Anxiety is an emotional state characterised by changes in the body, thoughts and behaviour. It tends to be associated with certain situations or things. Most people who are anxious believe that staying in stressful situations will result in their anxiety reaching an intolerable level for an indefinite time but research has shown that anxiety has a limit and can only reach a certain level. Once this level is reached it will stay there for a while and then start to come down. There are a number of well-documented anxiety disorders.

  • Panic Disorder - characterised by sudden and unexpected onset of a panic attack when the individual experiences a number of symptoms such as palpitations, dizziness, flushes and difficulty with breathing.
  • Agoraphobia – the person experiences anxiety in places from which escape is difficult. Symptoms are similar to panic.
  • Social Phobia – the person experiences persistent fear of social situations, accompanied by worry about doing something humiliating or embarrassing. Examples include avoiding talking in front of others or difficulty swallowing food when eating with others.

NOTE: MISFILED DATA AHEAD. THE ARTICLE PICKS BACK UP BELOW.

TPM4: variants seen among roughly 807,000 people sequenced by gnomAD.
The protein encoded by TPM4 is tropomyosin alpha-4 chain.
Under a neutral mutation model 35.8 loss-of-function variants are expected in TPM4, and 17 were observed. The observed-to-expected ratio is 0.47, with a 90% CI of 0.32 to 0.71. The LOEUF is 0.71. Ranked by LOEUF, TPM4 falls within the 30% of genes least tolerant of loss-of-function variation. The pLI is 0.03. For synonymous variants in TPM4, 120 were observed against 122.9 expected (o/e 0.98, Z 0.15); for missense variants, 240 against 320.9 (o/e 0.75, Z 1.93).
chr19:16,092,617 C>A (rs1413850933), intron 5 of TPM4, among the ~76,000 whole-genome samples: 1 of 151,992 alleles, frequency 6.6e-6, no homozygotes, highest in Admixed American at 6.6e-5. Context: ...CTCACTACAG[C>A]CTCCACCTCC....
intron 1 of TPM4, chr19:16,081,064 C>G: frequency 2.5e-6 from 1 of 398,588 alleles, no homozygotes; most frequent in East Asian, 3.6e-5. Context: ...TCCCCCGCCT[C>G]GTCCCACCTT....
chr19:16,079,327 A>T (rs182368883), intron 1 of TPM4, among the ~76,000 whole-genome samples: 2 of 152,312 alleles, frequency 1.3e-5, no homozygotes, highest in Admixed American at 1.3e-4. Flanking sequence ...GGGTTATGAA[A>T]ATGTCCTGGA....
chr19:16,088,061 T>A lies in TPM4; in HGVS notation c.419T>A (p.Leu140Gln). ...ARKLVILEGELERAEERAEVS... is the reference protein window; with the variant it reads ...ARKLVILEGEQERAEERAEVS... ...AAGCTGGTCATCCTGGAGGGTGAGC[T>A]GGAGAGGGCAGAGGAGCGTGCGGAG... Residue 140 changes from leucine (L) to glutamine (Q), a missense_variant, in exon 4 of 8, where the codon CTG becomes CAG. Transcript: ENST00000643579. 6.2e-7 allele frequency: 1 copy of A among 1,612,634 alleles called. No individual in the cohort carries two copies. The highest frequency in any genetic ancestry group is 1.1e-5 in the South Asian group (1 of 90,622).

• Generalised Anxiety Disorder - characterised by excessive and unrealistic worrying or a tendency to worry continually about everyday problems, e.g. paying bills, working.
  • Post Traumatic Stress Disorder – can develop after a person is exposed to an event outside the normal range of human experience. Symptoms include flashbacks of event, hyper-sensitivity to sounds or smells, nightmares, intrusive thoughts, inability to sleep and avoidance of people or places associated with the original distressing event or place.

There are three parts to the feeling of being anxious:

  • Physical Changes - There are many of these but the most common are shortness of breath, dizziness, increased heart rate, trembling, muscle tension, sweating, numbness, tingling sensations, dry mouth, abdominal discomfort and nausea.
  • Thoughts - Different anxiety problems are associated with different anxious thoughts. Someone who is anxious about social situations might think, 'Everybody is watching me'. Someone who is having a panic attack might think 'I’m having a heart attack'. In general, anxious thoughts involve the perception of some kind of threat or danger.
  • Behaviour - This refers to the action taken as a result of the thoughts. One of the most common reactions to anxiety provoking thoughts or situations is avoidance.

When trying to overcome anxiety it is important to deal with all three of the above components.